PEN Canada: This legislation does not apply retroactively. How do you think it would have impacted your case?

Temara Brown: The Concerned Residents Association of North Dumfries (CRAND) is facing a large cost motion under the Ontario Municipal Board, a quasi-judicial tribunal that often deals with land-use planning disputes. CRAND argued that the OMB was setting it up for a large adverse cost award, and that this was a SLAPP. Unfortunately, the current version of anti-SLAPP legislation does nothing to address situations like this. Even if it were to apply, we would not have access to these new remedies.

PEN Canada: What are the consequences of this lack of protection for you?

Temara Brown: CRAND spoke out against a development that would risk public health. Now we are rewarded for our efforts with one of the largest cost awards in the history of the Ontario Municipal Board. We fear more communities will continue to face similar trials unless this case is investigated.

CRAND is hindered in its ability to carry forward on its mission unless this OMB cost motion is recognized as a SLAPP. This means that the perpetrators of these injustices and falsehoods are being rewarded for silencing CRAND.

The development has been under construction and our fears for public health are being realized. We may not be able to afford to protect the health of our families and community. It is terrifying.

We may not be able to afford to protect the health of our families and community. It is terrifying.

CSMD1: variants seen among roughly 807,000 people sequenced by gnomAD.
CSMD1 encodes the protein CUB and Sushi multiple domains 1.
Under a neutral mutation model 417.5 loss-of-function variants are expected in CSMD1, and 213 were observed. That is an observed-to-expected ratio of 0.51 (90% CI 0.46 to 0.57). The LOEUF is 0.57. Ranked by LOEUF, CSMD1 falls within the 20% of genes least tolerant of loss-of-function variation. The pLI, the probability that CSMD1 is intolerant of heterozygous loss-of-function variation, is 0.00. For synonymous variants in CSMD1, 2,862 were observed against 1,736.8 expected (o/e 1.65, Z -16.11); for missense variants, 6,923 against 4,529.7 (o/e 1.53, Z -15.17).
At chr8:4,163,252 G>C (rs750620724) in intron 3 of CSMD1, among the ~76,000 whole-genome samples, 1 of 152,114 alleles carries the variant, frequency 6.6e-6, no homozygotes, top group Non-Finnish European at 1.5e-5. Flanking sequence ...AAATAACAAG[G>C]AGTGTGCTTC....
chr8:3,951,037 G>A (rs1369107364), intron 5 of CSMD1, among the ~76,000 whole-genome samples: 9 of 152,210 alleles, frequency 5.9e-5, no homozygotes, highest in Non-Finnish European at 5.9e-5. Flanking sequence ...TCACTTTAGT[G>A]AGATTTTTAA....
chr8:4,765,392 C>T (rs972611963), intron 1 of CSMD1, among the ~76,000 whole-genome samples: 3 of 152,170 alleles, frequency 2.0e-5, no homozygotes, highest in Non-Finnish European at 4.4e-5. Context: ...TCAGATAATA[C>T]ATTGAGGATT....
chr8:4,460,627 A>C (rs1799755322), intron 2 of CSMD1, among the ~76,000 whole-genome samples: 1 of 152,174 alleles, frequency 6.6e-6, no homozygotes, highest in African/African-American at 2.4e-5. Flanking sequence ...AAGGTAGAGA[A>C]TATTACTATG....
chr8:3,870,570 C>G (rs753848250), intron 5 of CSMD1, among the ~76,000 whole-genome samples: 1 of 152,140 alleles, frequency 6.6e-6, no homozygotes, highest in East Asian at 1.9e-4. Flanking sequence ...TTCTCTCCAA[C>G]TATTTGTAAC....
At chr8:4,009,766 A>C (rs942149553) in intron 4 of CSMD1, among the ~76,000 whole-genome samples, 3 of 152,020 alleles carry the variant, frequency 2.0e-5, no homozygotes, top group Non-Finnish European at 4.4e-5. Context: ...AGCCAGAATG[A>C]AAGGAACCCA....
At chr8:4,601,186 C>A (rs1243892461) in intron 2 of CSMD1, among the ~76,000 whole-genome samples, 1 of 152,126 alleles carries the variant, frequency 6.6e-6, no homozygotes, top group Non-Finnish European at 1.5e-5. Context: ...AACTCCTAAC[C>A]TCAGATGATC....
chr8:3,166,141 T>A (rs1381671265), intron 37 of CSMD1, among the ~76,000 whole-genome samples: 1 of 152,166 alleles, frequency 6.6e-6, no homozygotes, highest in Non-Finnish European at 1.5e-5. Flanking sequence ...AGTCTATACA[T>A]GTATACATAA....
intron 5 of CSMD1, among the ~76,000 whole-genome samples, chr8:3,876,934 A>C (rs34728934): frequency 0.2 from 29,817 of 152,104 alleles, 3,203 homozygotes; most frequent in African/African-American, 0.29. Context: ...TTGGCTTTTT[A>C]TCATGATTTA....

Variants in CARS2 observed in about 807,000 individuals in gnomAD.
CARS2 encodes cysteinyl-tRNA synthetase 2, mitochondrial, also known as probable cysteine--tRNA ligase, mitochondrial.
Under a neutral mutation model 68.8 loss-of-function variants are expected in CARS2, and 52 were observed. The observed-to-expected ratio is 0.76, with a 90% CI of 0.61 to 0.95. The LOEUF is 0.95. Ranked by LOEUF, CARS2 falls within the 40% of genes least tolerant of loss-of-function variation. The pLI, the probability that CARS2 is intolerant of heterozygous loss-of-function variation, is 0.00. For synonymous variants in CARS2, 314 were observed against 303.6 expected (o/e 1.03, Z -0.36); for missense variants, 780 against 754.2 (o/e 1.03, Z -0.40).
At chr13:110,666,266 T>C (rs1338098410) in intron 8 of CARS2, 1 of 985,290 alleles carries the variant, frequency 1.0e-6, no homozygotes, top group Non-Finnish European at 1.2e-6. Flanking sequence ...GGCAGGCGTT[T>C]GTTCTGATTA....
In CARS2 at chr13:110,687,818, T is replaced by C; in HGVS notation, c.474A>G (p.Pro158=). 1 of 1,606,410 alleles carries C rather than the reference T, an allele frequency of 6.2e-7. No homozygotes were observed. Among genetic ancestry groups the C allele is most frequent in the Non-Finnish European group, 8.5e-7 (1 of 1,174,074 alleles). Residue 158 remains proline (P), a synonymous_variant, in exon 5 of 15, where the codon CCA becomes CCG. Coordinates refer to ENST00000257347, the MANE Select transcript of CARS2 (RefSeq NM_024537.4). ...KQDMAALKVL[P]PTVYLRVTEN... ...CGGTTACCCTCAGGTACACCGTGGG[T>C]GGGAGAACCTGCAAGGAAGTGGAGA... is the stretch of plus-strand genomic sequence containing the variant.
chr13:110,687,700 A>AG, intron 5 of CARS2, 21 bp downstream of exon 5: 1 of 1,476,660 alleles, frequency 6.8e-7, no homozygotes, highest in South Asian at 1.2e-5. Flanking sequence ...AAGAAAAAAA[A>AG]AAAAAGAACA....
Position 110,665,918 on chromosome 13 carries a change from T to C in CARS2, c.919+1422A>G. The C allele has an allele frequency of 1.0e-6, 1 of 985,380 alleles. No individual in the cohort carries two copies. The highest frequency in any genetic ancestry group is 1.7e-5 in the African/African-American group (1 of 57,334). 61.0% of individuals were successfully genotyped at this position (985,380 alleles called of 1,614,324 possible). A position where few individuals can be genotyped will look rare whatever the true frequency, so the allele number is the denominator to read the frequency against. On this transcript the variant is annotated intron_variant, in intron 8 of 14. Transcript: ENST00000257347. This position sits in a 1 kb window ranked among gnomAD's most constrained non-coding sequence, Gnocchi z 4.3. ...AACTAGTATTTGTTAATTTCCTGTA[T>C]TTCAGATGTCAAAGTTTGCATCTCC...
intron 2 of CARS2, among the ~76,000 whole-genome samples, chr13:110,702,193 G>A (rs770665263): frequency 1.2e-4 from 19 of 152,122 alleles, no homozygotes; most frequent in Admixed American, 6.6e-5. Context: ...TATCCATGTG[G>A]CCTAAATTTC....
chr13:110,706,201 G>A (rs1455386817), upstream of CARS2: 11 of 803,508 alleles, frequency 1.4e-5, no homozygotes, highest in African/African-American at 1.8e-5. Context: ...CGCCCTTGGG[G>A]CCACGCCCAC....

PEN Canada: What would you tell others who may be hesitant to stand up against powerful actors?

Temara Brown: Ask yourself: Why are these people powerful? Why are they committing these upsetting acts? How did we get to this situation where we need to stand up? I’ve found that the answer to the third has often been because no one stood up to do anything before. It might not be pretty and it probably won’t be easy. But true people power isn’t motivated by what’s easy. It comes from the knowledge you’re doing what’s right.

In CRAND’s case, I expected the worst from these “powerful actors” and have been amazed at how they’ve continually managed to find ways to stoop even lower. That’s exactly why I knew what we were doing was not only right, but essential. No matter how hard the day, I know I could not accept that our submitting to silence might result in future suffering.

Network and work together. Learn from others in similar situations. Share your stories and swap strategies. Help one another whenever you can. Had CRAND stayed silent, we would not have met so many amazing people who have worked with us along the way. Watching communities come together has been the real highlight of this.

Temara Brown is @TemaraBrown on Twitter.